Every Sunday we have "family dinner". Both girls and their husbands have always come. Occasionally, Melissa comes with her girls from SLC. And, if we're lucky, one of the other kids are in town and they come too. When Terry and I were talking about getting married and what our future would look like, we always knew that we wanted to have a Sunday dinner tradition. And so it was and is still.
Only, now there is an empty chair. It sits at the "head" of the table (I'm at the other). It sits there. Empty. Like the flashing light of a hotel vacancy sign. Every Sunday. No one ever sits there because it's "his" chair.
Today that chair stood empty once again only, this time, it was our first Canadian Thanksgiving without him. He was always so excited for Canadian Thanksgiving because we would usually invite 30 or so friends, neighbors, and family to celebrate with us. He'd hang our gigantic Canadian flag, with more duct tape than you can shake a stick at, in the middle of our front room window. He'd make everyone laugh and make everyone feel important as he really listened to what they had to say. He'd most likely send something home with someone...or two. Then he'd eat the red jello, white chocolate cheesecake, and anything laced with sugar until he was sick. Then he'd eat more. Then he'd tell me, "That was the BEST meal I've ever had!" And I'd tell him he said that EVERY year. Eyeroll. Laughter. Love.
I missed that today. For my sanity, I had to scale it back this time. The girls and their husbands were here. And, of course, Eloise. Making it six of us rather than 30+. The food was delicious. We talked and laughed and missed the person who should have been sitting in that empty chair at the head of our family table. I miss him terribly. But, at this Thanksgiving time I am thankful for him. I am so very thankful. More than words could ever say. It's hard to realize that tears can't bring him back nor fill his empty chair. But, they can help me remember him and wet my cheeks with love.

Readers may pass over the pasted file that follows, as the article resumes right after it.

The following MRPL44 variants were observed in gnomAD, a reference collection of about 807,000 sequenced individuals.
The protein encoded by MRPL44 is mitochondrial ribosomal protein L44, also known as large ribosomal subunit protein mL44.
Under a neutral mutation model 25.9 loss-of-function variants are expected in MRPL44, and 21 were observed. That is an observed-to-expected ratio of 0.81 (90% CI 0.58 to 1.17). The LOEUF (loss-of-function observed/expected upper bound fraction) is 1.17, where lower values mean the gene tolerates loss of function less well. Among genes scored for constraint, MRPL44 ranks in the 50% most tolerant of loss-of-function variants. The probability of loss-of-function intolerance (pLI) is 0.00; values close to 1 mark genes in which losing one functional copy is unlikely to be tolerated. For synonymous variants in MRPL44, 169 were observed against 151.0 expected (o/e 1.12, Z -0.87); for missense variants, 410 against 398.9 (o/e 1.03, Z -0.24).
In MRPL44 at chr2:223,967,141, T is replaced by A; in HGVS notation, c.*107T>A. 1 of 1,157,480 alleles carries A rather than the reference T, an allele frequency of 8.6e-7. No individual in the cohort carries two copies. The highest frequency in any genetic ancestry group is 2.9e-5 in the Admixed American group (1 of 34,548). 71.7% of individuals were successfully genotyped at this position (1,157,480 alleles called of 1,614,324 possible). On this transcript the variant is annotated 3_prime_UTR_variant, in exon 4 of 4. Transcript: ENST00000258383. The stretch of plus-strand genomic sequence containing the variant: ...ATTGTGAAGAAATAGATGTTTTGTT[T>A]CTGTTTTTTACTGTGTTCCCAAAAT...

I absolutely loved this book. Perhaps it is the Canadian-living-in-the-states self talking here, but it made me long for my home in Southern Alberta. Growing up, my father was the maintenance supervisor for the schools in the area. This included the school at two or three of the Hutterite colonies in the area. He would often take me with him on his visits to the colonies. I loved it there and was mesmerized by every nuance of the colony. The baking bread, the chickens roaming free, the homes, the smells, the polka-dots, the braids. I loved going with him. My mother made trips as well. We would often go to purchase eggs, knitted booties and slippers, pick up newly upholstered furniture, and chickens. Every time, we were invited into someone's home to sit down for a visit. Secretly, I wanted to BE a Hutterite just so I could twist my hair back and put on a handkerchief. This book was a trip home for me and I adored it. Mary Ann Kirby is a gifted writer who was able to capture growing up on the colony and later outside of the colony in a way I will not soon forget. I can't wait to make the drive to Canada this summer and visit a colony.
Reading Right Now...
The Alloy of Law: The fourth book in the Mistborn series by Brandon Sanderson. Something tells me it isn't going to have the same effect on me as the trilogy!
The Kitchen House
Just Finished Reading
Oh my goodness! I owe Jessica Romney a HUGE thank you for recommending this series. I was skeptical at first. But, am so glad I chose to give the Mistborn series a try. Brandon Sanderson is an amazing author. I am now open to a new genre...fantasy. This series though, had even more than fantasy. I felt some strong spiritual undertones throughout this particular (#3) book. I even got a little "misty" at the end. I loved these books. Thanks, Jessica. I owe you and will never question your recommendations again! :)
Also Just Finished Reading...
The author, Sue E. Peterson, is a friend of mine. She sent me this book shortly after the heartbreaking loss of my own husband. It had many wonderful points for me to consider as I read about death and making sense of a new/different life. I appreciated so much of what she said and the metaphors regarding "running" throughout the book. I've never read a book by an author I know (and know very well) personally. Nor, have I read a story based on a person I know and have had conversations with. It was an odd feeling in some respects. Reading different names for each character and each setting sort of messed with my brain a bit. Finally, I put that out of my mind and read with the purpose of gleaning insight about losing a spouse and recovery from grief. I have many turned down pages I'd like to revisit as a result. Thanks for the book, Sue!